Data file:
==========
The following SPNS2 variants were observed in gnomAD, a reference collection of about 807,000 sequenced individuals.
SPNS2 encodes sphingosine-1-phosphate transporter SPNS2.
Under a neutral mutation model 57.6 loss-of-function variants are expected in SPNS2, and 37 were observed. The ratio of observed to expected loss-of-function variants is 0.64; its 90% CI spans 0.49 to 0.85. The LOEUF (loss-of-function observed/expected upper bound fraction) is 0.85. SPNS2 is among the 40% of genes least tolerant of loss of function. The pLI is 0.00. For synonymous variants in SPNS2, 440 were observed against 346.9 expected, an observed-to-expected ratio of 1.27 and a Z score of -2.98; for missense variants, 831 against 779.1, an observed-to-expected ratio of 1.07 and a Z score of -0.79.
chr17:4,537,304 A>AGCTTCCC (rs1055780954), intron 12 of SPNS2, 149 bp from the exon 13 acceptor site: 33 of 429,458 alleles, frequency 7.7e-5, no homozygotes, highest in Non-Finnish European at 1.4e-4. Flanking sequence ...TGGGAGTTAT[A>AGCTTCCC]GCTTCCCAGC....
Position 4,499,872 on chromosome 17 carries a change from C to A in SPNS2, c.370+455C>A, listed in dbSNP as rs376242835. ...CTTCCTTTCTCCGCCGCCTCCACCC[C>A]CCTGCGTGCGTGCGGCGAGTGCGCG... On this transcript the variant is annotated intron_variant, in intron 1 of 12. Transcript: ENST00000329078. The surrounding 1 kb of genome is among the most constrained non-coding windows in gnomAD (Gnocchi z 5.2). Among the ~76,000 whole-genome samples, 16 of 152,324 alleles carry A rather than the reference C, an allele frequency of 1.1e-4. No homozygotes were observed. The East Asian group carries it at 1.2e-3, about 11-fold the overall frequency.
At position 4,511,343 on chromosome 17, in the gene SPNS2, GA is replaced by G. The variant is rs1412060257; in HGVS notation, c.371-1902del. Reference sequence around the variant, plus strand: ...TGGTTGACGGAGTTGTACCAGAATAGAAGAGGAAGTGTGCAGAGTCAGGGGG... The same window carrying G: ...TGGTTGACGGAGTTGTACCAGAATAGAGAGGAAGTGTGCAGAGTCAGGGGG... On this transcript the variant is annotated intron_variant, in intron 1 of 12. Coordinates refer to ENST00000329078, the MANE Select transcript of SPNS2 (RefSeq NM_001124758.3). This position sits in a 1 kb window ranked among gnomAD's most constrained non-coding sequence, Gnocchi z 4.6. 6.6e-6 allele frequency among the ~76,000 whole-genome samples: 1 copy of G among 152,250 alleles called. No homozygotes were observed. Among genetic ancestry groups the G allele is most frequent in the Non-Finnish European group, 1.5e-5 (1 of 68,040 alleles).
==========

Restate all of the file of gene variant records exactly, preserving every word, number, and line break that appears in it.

The following SPNS2 variants were observed in gnomAD, a reference collection of about 807,000 sequenced individuals.
SPNS2 encodes sphingosine-1-phosphate transporter SPNS2.
Under a neutral mutation model 57.6 loss-of-function variants are expected in SPNS2, and 37 were observed. The ratio of observed to expected loss-of-function variants is 0.64; its 90% CI spans 0.49 to 0.85. The LOEUF (loss-of-function observed/expected upper bound fraction) is 0.85. SPNS2 is among the 40% of genes least tolerant of loss of function. The pLI is 0.00. For synonymous variants in SPNS2, 440 were observed against 346.9 expected, an observed-to-expected ratio of 1.27 and a Z score of -2.98; for missense variants, 831 against 779.1, an observed-to-expected ratio of 1.07 and a Z score of -0.79.
chr17:4,537,304 A>AGCTTCCC (rs1055780954), intron 12 of SPNS2, 149 bp from the exon 13 acceptor site: 33 of 429,458 alleles, frequency 7.7e-5, no homozygotes, highest in Non-Finnish European at 1.4e-4. Flanking sequence ...TGGGAGTTAT[A>AGCTTCCC]GCTTCCCAGC....
Position 4,499,872 on chromosome 17 carries a change from C to A in SPNS2, c.370+455C>A, listed in dbSNP as rs376242835. ...CTTCCTTTCTCCGCCGCCTCCACCC[C>A]CCTGCGTGCGTGCGGCGAGTGCGCG... On this transcript the variant is annotated intron_variant, in intron 1 of 12. Transcript: ENST00000329078. The surrounding 1 kb of genome is among the most constrained non-coding windows in gnomAD (Gnocchi z 5.2). Among the ~76,000 whole-genome samples, 16 of 152,324 alleles carry A rather than the reference C, an allele frequency of 1.1e-4. No homozygotes were observed. The East Asian group carries it at 1.2e-3, about 11-fold the overall frequency.
At position 4,511,343 on chromosome 17, in the gene SPNS2, GA is replaced by G. The variant is rs1412060257; in HGVS notation, c.371-1902del. Reference sequence around the variant, plus strand: ...TGGTTGACGGAGTTGTACCAGAATAGAAGAGGAAGTGTGCAGAGTCAGGGGG... The same window carrying G: ...TGGTTGACGGAGTTGTACCAGAATAGAGAGGAAGTGTGCAGAGTCAGGGGG... On this transcript the variant is annotated intron_variant, in intron 1 of 12. Coordinates refer to ENST00000329078, the MANE Select transcript of SPNS2 (RefSeq NM_001124758.3). This position sits in a 1 kb window ranked among gnomAD's most constrained non-coding sequence, Gnocchi z 4.6. 6.6e-6 allele frequency among the ~76,000 whole-genome samples: 1 copy of G among 152,250 alleles called. No homozygotes were observed. Among genetic ancestry groups the G allele is most frequent in the Non-Finnish European group, 1.5e-5 (1 of 68,040 alleles).